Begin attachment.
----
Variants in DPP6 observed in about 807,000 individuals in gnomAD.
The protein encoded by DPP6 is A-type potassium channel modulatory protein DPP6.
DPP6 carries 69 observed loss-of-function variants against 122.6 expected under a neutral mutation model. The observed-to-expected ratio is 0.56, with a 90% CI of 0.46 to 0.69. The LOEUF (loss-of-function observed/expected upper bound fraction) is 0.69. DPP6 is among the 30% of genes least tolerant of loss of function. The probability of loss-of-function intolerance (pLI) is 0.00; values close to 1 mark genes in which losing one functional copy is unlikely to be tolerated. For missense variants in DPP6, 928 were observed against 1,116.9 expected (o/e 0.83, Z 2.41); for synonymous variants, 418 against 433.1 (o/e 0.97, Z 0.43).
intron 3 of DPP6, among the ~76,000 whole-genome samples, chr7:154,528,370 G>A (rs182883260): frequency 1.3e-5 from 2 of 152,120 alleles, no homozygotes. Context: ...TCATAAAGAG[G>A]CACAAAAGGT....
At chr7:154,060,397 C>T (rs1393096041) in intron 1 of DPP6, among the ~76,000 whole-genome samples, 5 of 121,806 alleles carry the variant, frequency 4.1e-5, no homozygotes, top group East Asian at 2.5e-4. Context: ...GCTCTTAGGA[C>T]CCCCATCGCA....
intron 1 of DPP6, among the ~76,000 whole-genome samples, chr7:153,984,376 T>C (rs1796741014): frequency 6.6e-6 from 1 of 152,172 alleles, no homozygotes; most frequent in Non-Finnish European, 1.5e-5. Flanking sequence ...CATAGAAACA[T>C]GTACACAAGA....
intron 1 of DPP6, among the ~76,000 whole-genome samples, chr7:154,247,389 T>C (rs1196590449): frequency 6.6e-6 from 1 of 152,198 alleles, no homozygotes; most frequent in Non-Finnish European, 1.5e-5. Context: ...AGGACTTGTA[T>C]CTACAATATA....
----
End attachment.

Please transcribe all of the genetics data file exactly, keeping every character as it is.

Variants in DPP6 observed in about 807,000 individuals in gnomAD.
The protein encoded by DPP6 is A-type potassium channel modulatory protein DPP6.
DPP6 carries 69 observed loss-of-function variants against 122.6 expected under a neutral mutation model. The observed-to-expected ratio is 0.56, with a 90% CI of 0.46 to 0.69. The LOEUF (loss-of-function observed/expected upper bound fraction) is 0.69. DPP6 is among the 30% of genes least tolerant of loss of function. The probability of loss-of-function intolerance (pLI) is 0.00; values close to 1 mark genes in which losing one functional copy is unlikely to be tolerated. For missense variants in DPP6, 928 were observed against 1,116.9 expected (o/e 0.83, Z 2.41); for synonymous variants, 418 against 433.1 (o/e 0.97, Z 0.43).
intron 3 of DPP6, among the ~76,000 whole-genome samples, chr7:154,528,370 G>A (rs182883260): frequency 1.3e-5 from 2 of 152,120 alleles, no homozygotes. Context: ...TCATAAAGAG[G>A]CACAAAAGGT....
At chr7:154,060,397 C>T (rs1393096041) in intron 1 of DPP6, among the ~76,000 whole-genome samples, 5 of 121,806 alleles carry the variant, frequency 4.1e-5, no homozygotes, top group East Asian at 2.5e-4. Context: ...GCTCTTAGGA[C>T]CCCCATCGCA....
intron 1 of DPP6, among the ~76,000 whole-genome samples, chr7:153,984,376 T>C (rs1796741014): frequency 6.6e-6 from 1 of 152,172 alleles, no homozygotes; most frequent in Non-Finnish European, 1.5e-5. Flanking sequence ...CATAGAAACA[T>C]GTACACAAGA....
intron 1 of DPP6, among the ~76,000 whole-genome samples, chr7:154,247,389 T>C (rs1196590449): frequency 6.6e-6 from 1 of 152,198 alleles, no homozygotes; most frequent in Non-Finnish European, 1.5e-5. Context: ...AGGACTTGTA[T>C]CTACAATATA....